Murkowski received a lukewarm reception from the Republican leadership when she returned to Washington, D.C. on Monday. The senator was stripped of her leadership post when she announced her write-in campaign, even as GOP leaders secretly prepared for the possibility of Miller’s downfall.
The incumbent senator had heavy criticism for her opponents like Fox TV host Palin and Sen. Jim DeMint.
“I think some of the Republicans in the Congress feel pretty strongly that he and his actions potentially cost us the majority by encouraging candidates that ended up not being electable.”
Murkowski will return to Washington in an odd position in the Republican Party. The National Republican Senatorial Committee threw its support and cash behind Miller, opting to back the candidate who received the GOP nomination. And she didn’t have many friends within the tea party movement — with many of those voters seeing her as too liberal — putting her at odds with that faction of the party as well.
Though she plans to caucus with Republicans, she said she won’t be beholden to any special interests or party — an initial sign that she may not try to reclaim her leadership post within the GOP conference. She voluntarily resigned it in deciding to make her outsider run.
Murkowski says she will approach issues as they come to her, and vowed to do what’s best for Alaskans. She opposed a Republican-supported moratorium on earmark requests, a hot issue on Capitol Hill following the tea party surge in the mid-term elections. She says a ban on earmarks won’t do much to reduce federal spending and instead would leave bureaucrats to decide spending priorities.
The longshot nature of Murkowski’s campaign seemed to invigorate the senator and her team. Her one-time spokesman, Steve Wackowski, said he liked nothing more than hearing it couldn’t be done — that that only made the campaign work harder in what amounted to a massive do-over after she flubbed the primary contest.
History wasn’t on their side: Nothing of this scale had been pulled off in Alaska, and had rarely been accomplished elsewhere. The last Senate candidate to win as a write-in was Strom Thurmond in 1954.
But Murkowski wasn’t the typical write-in candidate: She enjoyed widespread name recognition as Alaska’s senior senator and daughter of a local political dynasty, and had a million-plus bank account.
She also showed a fire she’d lacked during the primary, when she referred to Miller as “my opponent” and fell victim to aggressive last-minute attack ads by the Tea Party Express.
This time, she pounced on Miller’s every misstep. While she still stressed her seniority and her willingness to be a voice for all Alaskans, her speeches sounded more like rallies than lectures, generally ending in her leading a raucous chorus of supporters in spelling her name: “M-U-R, K-O-W, S-K-I.”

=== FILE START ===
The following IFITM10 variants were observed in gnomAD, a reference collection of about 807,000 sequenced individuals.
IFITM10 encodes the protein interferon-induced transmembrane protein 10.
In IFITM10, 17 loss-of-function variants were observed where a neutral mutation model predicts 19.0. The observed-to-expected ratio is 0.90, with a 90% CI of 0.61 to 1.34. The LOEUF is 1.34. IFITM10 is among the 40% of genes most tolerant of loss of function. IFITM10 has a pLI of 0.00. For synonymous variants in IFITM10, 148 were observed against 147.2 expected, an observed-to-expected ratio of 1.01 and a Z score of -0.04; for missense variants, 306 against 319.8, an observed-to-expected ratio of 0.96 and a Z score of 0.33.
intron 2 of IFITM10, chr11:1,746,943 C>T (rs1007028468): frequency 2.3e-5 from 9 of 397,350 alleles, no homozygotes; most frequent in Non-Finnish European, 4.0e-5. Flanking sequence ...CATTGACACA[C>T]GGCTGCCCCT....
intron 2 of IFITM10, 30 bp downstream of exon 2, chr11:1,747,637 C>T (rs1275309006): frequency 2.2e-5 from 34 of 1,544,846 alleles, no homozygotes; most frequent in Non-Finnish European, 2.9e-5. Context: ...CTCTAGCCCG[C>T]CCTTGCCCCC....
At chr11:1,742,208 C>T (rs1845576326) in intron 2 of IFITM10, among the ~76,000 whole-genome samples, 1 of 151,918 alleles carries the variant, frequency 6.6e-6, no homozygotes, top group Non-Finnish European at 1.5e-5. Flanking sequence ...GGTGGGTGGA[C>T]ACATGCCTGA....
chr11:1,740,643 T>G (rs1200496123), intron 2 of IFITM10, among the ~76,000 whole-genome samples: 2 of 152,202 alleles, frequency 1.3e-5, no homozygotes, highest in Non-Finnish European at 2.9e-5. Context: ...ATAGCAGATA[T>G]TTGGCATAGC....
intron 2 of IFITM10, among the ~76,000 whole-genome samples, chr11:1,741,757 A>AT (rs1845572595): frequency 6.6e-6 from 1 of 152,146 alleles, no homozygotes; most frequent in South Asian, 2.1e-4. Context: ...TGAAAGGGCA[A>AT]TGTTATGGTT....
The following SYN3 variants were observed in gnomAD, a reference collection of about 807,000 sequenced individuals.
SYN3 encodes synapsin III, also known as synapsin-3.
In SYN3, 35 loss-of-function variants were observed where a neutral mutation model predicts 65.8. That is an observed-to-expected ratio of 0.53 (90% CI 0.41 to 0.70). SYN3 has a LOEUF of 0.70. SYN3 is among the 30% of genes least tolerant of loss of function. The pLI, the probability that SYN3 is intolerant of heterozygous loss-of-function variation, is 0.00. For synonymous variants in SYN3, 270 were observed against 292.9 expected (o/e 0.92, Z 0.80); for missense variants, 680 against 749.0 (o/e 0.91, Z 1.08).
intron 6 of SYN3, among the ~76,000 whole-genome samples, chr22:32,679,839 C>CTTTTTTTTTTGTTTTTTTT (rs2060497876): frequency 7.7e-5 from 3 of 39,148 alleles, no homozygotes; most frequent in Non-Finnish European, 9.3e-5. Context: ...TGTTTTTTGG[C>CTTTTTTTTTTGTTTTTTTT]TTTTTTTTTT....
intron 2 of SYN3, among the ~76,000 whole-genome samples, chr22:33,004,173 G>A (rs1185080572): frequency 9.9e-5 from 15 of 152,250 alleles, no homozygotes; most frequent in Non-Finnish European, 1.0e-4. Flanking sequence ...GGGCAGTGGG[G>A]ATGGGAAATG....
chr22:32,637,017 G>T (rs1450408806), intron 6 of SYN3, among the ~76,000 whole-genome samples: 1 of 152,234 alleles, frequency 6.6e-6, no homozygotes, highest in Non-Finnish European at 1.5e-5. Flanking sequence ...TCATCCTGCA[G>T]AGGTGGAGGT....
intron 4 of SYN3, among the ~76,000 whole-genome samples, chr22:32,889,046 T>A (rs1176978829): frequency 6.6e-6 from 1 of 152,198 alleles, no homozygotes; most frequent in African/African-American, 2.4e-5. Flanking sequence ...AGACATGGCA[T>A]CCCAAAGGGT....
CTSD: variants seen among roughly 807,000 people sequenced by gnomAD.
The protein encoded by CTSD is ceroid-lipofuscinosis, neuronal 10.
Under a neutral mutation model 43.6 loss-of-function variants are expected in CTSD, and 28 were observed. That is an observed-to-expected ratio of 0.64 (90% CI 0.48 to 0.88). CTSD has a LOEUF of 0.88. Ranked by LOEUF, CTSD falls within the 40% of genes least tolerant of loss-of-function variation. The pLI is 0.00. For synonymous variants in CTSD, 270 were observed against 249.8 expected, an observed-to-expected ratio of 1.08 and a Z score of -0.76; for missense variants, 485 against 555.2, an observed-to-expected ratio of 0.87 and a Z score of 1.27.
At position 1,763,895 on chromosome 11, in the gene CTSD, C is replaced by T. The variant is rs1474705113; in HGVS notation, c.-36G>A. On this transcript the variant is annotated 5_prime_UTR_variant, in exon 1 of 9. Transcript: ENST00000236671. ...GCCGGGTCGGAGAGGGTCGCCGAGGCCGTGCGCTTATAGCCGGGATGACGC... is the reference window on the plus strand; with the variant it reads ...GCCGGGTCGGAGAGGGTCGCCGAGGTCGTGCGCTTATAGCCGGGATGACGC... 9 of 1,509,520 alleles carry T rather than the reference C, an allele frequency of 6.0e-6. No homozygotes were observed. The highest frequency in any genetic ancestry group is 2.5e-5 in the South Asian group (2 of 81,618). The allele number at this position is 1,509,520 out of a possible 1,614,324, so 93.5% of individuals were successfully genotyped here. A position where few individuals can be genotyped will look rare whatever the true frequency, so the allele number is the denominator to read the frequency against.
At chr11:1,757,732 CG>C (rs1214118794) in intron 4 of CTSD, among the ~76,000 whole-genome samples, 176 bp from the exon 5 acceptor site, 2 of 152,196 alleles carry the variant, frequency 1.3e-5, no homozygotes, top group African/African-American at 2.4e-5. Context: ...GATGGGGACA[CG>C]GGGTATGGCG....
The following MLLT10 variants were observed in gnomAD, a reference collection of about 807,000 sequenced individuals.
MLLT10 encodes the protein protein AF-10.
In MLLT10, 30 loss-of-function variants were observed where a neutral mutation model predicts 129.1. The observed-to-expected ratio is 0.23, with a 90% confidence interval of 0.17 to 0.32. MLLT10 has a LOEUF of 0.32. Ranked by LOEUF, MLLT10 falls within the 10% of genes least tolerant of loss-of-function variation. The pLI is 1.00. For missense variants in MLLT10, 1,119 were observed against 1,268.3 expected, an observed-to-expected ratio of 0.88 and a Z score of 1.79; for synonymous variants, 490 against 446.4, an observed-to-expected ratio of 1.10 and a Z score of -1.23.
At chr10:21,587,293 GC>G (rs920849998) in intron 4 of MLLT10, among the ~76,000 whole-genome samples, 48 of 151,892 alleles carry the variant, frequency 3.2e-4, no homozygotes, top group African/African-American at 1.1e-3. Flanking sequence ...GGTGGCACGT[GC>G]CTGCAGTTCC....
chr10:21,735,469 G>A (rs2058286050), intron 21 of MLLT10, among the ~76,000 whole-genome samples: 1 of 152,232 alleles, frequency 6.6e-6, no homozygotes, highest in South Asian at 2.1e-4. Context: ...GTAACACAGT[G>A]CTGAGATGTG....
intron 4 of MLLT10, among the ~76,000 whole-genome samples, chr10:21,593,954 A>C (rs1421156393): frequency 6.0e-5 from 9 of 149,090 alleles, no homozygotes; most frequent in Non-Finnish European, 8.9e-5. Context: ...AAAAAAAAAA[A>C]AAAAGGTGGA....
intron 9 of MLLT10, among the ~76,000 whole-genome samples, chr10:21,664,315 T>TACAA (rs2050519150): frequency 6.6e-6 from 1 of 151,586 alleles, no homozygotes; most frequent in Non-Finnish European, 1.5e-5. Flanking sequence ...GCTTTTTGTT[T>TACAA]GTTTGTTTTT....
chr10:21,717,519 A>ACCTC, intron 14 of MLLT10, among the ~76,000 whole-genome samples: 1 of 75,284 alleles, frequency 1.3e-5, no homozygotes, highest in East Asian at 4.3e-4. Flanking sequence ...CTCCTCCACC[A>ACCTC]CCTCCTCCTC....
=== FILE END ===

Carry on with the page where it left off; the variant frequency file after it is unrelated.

“She just had a fire in her belly to do this not for herself but for the large number of people, literally hundreds, who begged her to do this,” said John Tracy, who worked on her ad team.
Miller didn’t do himself any favors after his upset of Murkowski in the August primary. Court documents were released showing Miller was suspended as a government employee for using work computers for partisan political work and lying about it. In other miscues, his security detail handcuffed a journalist asking questions at a town hall meeting, and it was revealed his family received many government handouts that he railed against as a tea party candidate.
Murkowski, 53, was appointed to the Senate seat long held by her father when he became governor in 2002; she won the seat in her own right two years later, in a narrow win over Democrat Tony Knowles, and her father was ousted in the 2006 gubernatorial primary by Fox TV host Palin, contributing to the icy relationship between the two families.
The win comes a day before what would have been Sen. Ted Stevens’ 87th birthday. Stevens, a legend in Alaska for bringing home billions in federal aid and projects during his 40 years in the Senate, was one of Murkowski’s biggest supporters, and a mentor. He died in a plane crash two weeks before the primary.
Murkowski invoked his legacy during her write-in campaign as something she wanted to carry on.
Bottom line, this lady is tough and she’s a fighter. She fought and as sometimes happens when you fight, she won. If the tea party and republicans don’t want her the Democrats would be proud to welcome her to our party. We would be better off with her spirit. As Democrats we are used to fighting and losing, but since electing Obama we don’t put up a fight anymore we just cave and lose. Congradulations to Lisa for having the spine to fight.